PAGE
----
1 Introduction

In the early 1900s, it was discovered that carbohydrate was an important fuel for exercise [1]. In 1939, a paper was published showing that carbohydrate use during exercise could be influenced by diet and that this could have an effect on exercise tolerance [2]. In the 1960s, it became clear that muscle glycogen played a significant role during exercise [3], and in the 1980s, the first studies showed that carbohydrate ingestion during exercise improved exercise capacity [4, 5]. No major advances were made in the next 20 years until about 2004, which marked the beginning of an era with a series of major breakthroughs with respect to carbohydrate feeding during exercise.

As these breakthroughs and their effects on sports nutrition became available over time, recommendations for athletes also evolved during this period. In more recent guidelines, it is generally accepted that carbohydrate intake is important to optimize endurance performance but recommendations are still not very specific [6]. Studies had demonstrated that relatively small amounts of carbohydrate (20 g/h) were sufficient to observe a performance benefit [7, 8]. Based on a study by Fielding et al. [7], it was believed that a minimum of 22 g of carbohydrate per hour was required to observe a performance benefit. Subjects exercised for 4 h and performed a sprint at the end. Performance improvements were observed when 22 g of carbohydrate was ingested every hour, whereas no effects were observed when half this dose was consumed (11 g/h). In a study by Maughan et al. [8], the intake of 16 g of glucose per hour improved endurance capacity by 14 % compared with water (no placebo was given in this study). At the same time, other studies suggested that exogenous carbohydrate oxidation never exceeded 60 g/h [9], and therefore this has often been used as an upper limit for carbohydrate intake during exercise. The most recent guidelines by the American College of Sports Medicine (ACSM) state that a carbohydrate intake of 30–60 g/h is recommended during exercise [6]. This is a relatively wide range and is independent of the type of activity, the duration of the activity, or the level of the athlete. With the evidence from studies and new insights obtained in the past 5–10 years, it is possible to provide more prescriptive and precise advice to athletes. It is beyond the scope of this review to discuss all the underlying evidence in great detail, as this has been done in several other recent reviews [1015]. However, the purpose of this review is to consolidate the different pieces of carbohydrate intake information and translate our current understanding into practical guidelines for athletes competing in different events.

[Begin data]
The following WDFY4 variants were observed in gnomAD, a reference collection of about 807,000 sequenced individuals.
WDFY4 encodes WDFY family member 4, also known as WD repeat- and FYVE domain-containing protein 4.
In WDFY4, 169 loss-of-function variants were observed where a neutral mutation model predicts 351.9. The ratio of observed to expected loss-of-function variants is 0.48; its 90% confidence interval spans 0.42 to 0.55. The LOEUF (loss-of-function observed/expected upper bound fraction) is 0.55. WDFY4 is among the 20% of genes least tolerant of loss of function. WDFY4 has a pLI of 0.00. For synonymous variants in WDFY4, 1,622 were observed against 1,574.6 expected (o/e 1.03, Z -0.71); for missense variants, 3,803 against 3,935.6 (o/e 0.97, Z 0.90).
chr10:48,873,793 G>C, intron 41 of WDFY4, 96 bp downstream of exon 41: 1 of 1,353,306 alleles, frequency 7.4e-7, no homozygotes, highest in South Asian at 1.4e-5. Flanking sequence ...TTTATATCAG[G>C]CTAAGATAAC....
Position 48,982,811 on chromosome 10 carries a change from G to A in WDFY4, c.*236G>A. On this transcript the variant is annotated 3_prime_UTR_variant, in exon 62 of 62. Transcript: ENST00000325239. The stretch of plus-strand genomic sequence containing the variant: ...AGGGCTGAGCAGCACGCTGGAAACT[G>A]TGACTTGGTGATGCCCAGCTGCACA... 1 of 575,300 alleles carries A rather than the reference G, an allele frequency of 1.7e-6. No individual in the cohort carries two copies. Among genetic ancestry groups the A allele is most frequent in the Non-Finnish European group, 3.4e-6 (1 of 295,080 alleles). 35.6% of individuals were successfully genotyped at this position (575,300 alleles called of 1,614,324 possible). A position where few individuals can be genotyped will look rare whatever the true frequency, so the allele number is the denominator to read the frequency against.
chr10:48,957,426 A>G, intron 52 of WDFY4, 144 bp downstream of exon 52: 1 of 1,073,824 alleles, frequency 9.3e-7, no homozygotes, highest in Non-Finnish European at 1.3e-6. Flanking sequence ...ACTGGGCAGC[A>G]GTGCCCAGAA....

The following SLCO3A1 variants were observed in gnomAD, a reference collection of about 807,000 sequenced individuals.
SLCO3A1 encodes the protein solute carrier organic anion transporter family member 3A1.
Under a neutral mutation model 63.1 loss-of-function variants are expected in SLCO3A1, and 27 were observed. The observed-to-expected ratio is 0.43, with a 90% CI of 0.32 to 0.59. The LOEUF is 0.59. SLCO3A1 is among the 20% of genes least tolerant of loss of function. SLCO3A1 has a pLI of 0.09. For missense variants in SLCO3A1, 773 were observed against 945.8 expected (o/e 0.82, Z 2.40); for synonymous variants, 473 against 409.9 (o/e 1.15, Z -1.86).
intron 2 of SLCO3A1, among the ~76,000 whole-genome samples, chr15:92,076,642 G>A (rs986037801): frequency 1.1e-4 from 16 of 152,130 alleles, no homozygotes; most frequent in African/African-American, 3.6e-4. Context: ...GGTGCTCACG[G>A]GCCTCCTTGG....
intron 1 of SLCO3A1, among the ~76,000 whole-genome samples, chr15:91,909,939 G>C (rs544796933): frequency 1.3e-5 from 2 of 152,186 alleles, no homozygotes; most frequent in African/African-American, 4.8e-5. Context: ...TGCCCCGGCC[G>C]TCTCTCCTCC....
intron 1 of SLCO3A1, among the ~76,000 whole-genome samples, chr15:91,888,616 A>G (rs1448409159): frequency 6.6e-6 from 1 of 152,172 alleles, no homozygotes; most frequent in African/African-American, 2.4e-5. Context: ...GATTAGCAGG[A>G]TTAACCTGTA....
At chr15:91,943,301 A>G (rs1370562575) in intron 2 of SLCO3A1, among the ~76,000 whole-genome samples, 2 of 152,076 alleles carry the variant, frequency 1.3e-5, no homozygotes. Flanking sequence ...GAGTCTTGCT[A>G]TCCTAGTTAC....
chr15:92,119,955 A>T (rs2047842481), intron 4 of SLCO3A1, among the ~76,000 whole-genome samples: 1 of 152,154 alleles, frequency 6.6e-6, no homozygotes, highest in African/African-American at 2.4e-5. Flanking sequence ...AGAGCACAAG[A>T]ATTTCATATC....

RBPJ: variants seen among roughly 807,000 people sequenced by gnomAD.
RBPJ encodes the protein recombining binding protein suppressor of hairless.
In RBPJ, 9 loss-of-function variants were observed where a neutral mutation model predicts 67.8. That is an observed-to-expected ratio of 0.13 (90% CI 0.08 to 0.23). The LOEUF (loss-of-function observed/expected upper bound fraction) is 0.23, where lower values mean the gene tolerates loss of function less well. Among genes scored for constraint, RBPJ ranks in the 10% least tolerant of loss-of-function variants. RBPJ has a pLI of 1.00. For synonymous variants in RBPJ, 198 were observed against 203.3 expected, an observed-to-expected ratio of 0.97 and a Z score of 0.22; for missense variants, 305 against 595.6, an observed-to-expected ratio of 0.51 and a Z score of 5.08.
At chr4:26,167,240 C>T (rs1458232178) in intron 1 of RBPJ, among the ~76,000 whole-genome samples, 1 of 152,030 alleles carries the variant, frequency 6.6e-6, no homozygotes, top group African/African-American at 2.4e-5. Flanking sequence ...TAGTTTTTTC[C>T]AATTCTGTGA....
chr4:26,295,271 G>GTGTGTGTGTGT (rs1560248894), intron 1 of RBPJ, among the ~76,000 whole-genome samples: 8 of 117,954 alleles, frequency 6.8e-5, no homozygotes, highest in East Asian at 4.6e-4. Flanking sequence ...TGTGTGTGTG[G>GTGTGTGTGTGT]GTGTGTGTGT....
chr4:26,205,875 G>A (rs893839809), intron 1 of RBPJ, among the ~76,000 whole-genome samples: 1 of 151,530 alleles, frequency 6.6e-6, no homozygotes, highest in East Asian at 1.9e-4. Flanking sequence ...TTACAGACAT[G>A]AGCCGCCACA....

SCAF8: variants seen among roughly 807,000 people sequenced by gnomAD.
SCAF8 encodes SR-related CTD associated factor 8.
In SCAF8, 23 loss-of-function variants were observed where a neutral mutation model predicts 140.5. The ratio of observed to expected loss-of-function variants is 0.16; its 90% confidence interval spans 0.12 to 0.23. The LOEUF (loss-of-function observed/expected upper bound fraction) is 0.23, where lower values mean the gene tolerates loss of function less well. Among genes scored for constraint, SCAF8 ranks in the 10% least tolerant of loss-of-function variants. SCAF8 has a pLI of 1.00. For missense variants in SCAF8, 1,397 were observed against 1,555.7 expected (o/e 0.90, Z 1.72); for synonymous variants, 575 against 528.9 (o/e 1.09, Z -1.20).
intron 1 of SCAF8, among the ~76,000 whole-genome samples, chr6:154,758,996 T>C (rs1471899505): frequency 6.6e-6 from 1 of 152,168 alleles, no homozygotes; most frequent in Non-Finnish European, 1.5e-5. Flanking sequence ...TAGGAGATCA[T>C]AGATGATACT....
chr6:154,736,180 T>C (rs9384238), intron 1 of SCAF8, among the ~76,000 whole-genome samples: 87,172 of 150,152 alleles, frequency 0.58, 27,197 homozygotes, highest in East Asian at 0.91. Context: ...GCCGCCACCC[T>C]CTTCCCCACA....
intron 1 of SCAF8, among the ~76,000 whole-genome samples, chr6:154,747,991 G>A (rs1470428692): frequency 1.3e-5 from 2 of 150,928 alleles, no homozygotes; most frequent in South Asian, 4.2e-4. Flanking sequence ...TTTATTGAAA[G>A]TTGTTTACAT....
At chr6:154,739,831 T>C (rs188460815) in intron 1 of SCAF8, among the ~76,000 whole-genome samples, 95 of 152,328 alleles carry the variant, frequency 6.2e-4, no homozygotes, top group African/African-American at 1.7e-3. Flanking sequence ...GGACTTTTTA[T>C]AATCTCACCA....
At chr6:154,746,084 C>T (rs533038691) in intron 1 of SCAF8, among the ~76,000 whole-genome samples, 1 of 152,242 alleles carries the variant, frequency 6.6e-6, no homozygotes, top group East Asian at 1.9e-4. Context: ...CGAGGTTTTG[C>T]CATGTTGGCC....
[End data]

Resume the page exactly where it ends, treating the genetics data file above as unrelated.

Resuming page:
2 Carbohydrate Ingestion During Exercise and Performance

Although the exact mechanisms are still not completely understood, it has been known for some time that carbohydrate ingestion during exercise can increase exercise capacity and improve exercise performance (for reviews see Jeukendrup [12, 15]). In general, during exercise longer than 2 h, carbohydrate feeding will prevent hypoglycemia, will maintain high rates of carbohydrate oxidation, and increase endurance capacity compared with placebo ingestion. It was initially believed that the duration of exercise had to be at least 2 h for carbohydrates to have an effect.

However, more recently, it has become clear that carbohydrate ingestion during exercise can improve exercise performance even during shorter duration, higher intensity exercise (for example, approximately 1 h at 75 % of maximal oxygen uptake; V O 2max). The mechanism behind these performance improvements is completely different. In fact, it was demonstrated that when glucose was infused into the systemic circulation, this glucose was taken up at high rates but no performance effect was found [16]. This provides evidence that increasing glucose availability, as a substrate to the working muscle, has no effect during this type of activity. Interestingly, however, when individuals rinsed their mouths with a carbohydrate solution it resulted in performance improvements [11] that were very similar to the improvements seen with carbohydrate ingestion. There are now numerous studies that, on balance, demonstrate that this effect is real. Those studies are reviewed in several recent papers [1014]. This would suggest that the beneficial effects of carbohydrate feeding during exercise are not confined to its conventional metabolic advantage, but may also contribute to a more positive afferent signal capable of modifying motor output [17]. These effects are specific to carbohydrates and are independent of taste [18].